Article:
The typical grounds for malpractice suits also apply to the forensic psychologist, such as wrongful commitment, inadequate informed consent, duty and breach of duty, and standards of care issues. Some situations are more clear cut for the forensic psychologist. The duty to warn, which is mandated by many states, is generally not a problem because the client or defendant has already signed a release of information, unless the victim is not clearly identified and the issue of the identifiability of the victim arises. However, in general the forensic psychologist is less likely to encounter malpractice suits than a clinical psychologist. The forensic psychologist does have some additional professional liability issues. As mentioned above, confidentiality in a forensic setting is more complicated that in a clinical setting as the client or defendant is apt to misinterpret the limits of confidentiality despite being warned and signing a release.[13]

See also[edit]

Footnotes[edit]

  1. ^ Nietzel, Michael (1986). Psychological Consultation in the Courtroom. New York: Pergamon Press. ISBN 0-08-030955-0. 
  2. ^ Blau, Theodore H. (1984). The Psychologist as Expert Witness. New York: John Wiley & Sons. pp. 19–25. ISBN 0-471-87129-X. 
  3. ^ "Speciality Guidelines for Forensic Psychologists". Retrieved 2007-09-14. 
  4. ^ a b Grisso, Thomas (1988). Competency to Stand Trial Evaluations: A Manual for Practice (1988 ed.). Sarasota FL: Professional Resource Exchange. ISBN 0-943158-51-6. 
  5. ^ Shapiro, David L. (1984). Psychological Evaluation and Expert Testimony. New York: Van Nostrand Reinhold. ISBN 0-442-28183-8. 
  6. ^ Smith, Steven R. (1988). Law, Behavior, and Mental Health: Policy and Practice. New York: New York University Press. ISBN 0-8147-7857-7. 
  7. ^ a b c d e f g h i j k l m What are the Roles and Responsibilities of a Forensic Psychologist, retrieved March 12, 2013 
  8. ^ a b c d e f g h i j k l Wrightsman, L. & Fulero, S.M. (2005), Forensic Psychology (2nd ed.), Belmont, California: Thomson Wadsworth 
  9. ^ ">Forensic Psychology, retrieved March 12, 2013 
  10. ^ a b Gary, Melton (1997). Psychological Evaluations for the Courts: A Handbook for Mental Health Professionals and Lawyers (2nd ed.). New York: The Guilford Press. pp. 41–45. ISBN 1-57230-236-4. 
  11. ^ a b Rogers, Richard (1997). Clinical Assessment of Malingering and Deception. Guilford Press. ISBN 1-57230-173-2.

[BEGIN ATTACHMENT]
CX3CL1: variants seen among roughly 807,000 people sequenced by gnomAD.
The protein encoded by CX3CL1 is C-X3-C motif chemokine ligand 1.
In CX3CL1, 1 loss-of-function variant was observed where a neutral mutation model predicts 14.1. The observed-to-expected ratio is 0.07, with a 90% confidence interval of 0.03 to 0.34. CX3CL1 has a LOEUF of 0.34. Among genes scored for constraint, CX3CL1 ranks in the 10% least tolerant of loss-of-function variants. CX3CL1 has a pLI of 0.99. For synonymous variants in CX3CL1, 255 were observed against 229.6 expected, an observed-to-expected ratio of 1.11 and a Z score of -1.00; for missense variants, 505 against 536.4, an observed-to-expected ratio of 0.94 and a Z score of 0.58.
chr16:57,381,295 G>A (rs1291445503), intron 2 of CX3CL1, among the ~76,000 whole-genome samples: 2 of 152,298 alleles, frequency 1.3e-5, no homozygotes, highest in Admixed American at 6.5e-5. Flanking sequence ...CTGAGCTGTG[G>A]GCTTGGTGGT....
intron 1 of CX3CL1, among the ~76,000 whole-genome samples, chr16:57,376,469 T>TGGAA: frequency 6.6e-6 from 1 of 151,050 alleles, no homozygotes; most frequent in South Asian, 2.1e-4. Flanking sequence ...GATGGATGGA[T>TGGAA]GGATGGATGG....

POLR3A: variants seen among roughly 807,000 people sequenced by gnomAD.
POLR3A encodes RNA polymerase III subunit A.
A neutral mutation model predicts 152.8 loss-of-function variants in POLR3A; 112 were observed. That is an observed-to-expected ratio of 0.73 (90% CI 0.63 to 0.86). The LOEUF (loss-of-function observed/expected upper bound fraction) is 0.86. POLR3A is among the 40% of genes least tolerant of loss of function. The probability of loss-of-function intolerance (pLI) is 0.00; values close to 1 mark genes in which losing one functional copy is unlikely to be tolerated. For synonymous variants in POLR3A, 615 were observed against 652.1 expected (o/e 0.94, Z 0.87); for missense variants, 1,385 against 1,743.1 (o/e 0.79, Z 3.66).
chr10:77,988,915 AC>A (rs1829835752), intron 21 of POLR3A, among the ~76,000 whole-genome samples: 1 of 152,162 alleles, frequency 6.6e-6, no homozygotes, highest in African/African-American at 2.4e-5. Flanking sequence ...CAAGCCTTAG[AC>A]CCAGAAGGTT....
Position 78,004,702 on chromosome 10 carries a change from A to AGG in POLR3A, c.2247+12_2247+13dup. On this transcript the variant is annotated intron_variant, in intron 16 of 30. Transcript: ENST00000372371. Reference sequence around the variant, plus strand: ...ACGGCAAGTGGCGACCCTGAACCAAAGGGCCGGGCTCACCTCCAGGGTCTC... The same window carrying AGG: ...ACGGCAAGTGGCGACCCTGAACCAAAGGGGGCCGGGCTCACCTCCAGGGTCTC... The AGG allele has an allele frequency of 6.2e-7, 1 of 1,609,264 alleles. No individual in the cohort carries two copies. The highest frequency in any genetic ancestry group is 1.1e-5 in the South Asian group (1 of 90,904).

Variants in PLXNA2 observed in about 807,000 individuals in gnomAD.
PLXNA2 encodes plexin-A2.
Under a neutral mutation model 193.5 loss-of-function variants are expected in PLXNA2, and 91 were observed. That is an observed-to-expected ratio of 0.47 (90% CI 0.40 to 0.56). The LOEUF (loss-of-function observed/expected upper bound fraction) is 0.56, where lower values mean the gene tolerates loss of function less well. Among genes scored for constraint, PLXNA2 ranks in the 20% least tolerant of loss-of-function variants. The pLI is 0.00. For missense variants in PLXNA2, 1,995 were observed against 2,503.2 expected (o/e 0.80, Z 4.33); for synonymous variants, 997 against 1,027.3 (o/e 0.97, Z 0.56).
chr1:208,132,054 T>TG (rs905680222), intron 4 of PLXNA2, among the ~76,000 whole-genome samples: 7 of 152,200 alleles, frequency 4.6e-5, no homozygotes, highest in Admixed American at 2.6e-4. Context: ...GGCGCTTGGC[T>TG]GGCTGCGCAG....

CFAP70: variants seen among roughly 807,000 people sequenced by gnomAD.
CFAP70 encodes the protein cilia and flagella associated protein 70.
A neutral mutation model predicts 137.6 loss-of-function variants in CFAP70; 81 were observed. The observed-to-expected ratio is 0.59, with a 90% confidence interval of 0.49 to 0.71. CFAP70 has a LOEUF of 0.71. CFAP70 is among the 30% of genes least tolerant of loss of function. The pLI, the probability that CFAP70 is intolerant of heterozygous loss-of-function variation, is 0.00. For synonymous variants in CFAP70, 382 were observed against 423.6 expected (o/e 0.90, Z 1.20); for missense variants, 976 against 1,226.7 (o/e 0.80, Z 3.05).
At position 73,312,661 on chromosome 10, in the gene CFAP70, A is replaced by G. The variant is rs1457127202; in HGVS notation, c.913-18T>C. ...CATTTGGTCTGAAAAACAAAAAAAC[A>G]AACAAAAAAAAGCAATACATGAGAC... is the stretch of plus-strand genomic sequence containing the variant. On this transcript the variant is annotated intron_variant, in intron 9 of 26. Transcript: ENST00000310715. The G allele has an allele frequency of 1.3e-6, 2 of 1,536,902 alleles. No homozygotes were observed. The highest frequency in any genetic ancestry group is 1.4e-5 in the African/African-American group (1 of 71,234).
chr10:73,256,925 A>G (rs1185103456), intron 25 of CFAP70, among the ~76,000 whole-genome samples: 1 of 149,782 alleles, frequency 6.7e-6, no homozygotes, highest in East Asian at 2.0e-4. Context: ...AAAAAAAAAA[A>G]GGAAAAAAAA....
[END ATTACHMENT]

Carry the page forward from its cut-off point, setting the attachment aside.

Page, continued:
12. ^ a b "Behavior of the Defendant in a Competency-to-Stand-Trial Evaluation Becomes an Issue in Sentencing". Journal of the American Psychiatric Association. Retrieved 2007-10-10. 
  13. ^ a b Shapiro, David L. (1991). Forensic Psychological Assessment: An Integrative Approach. Needham Heights, MA: Simon & Schuster. ISBN 0-205-12521-2. 
  14. ^ Executing the Mentally Ill: The Criminal Justice System and the Case of Alvin Ford. Sage Books. Retrieved 2007-10-03. 
  15. ^ "Executing the Mentally Ill". Sage. Retrieved 2007-10-03. 
  16. ^ "Ford v. Wainwright, 477 U.S. 399". American Psychological Association. January 1986. Retrieved 2007-10-03. 
  17. ^ Rogers, Richard (1986). Conducting Insanity Evaluations. New York: Van Nostrand Reinhold. ISBN 0-442-27945-0. 
  18. ^ In Hamblin v. Mitchell 335 F.3d 482 (6th Cir. 2003)
  19. ^ "Defining Counsel’s Role in Discovery and Disclosure of Mental Illness - Defense Counsel’s Failure to Investigate and Present Defendant’s Mental Health History in a Death Penalty Trial". Journal of the American Academy of Psychiatry and Law. Retrieved 2007-10-11. 
  20. ^ Holmes, Ronald (1990). Profiling Violent Crimes: An Investigative Tool. Newbury Park, CA: Sage. ISBN 0-8039-3682-6. 
  21. ^ Meloy, J. Reid (1998). The Psychology of Stalking. San Diego, CA: Academic Press. ISBN 0-12-490560-9. 
  22. ^ Ressler, Robert K. (1988). Sexual Homicide: Patterns and Motives. Lexington, MA: Lexington Books. ISBN 0-669-16559-X. 
  23. ^ Brodsky, Stanley L. (1991). Testifying in Court: Guidelines and Maxims for the Expert Witness. Washington, DC: American Psychological Association. ISBN 1-55798-128-0. 
  24. ^ Datz, Albert J. (1989). ABA Criminal Justice Mental Health Standards. Washington DC: American Bar Association. ISBN 0-89707-450-5. 
  25. ^ Toch, Hans (1992). Violent Men: An Inquiry into the Psychology of Violence. Washington, DC: The American Psychological Association. ISBN 1-55798-172-8. 
  26. ^ Blau, Theodore. The Psychologist as Expert Witness. Wiley and Sons. p. 26. ISBN 0-471-11366-2. Retrieved 2008-01-23. 
  27. ^ Toch, Hans (1989). The Disturbed Violent Offender. New York: Yale University Press. ISBN 0-300-04533-6. 
  28. ^ Cleckley, Hervey (1982). The Mask of Sanity. New York: Plume Publishing. ISBN 0-452-25341-1. 
  29. ^ Millon, Theodore (1996). Disorders of Personality: DSM-IV and Beyond. New York: John Wiley & Sons. ISBN 0-471-01186-X. 
  30. ^ Meloy, J. Reid (1996). The Psychopathic Mind: Origins, Dynamics, and Treatment. Delano, MN: Brittany Steer. ISBN 0-87668-311-1. 

Further reading[edit]

External links[edit]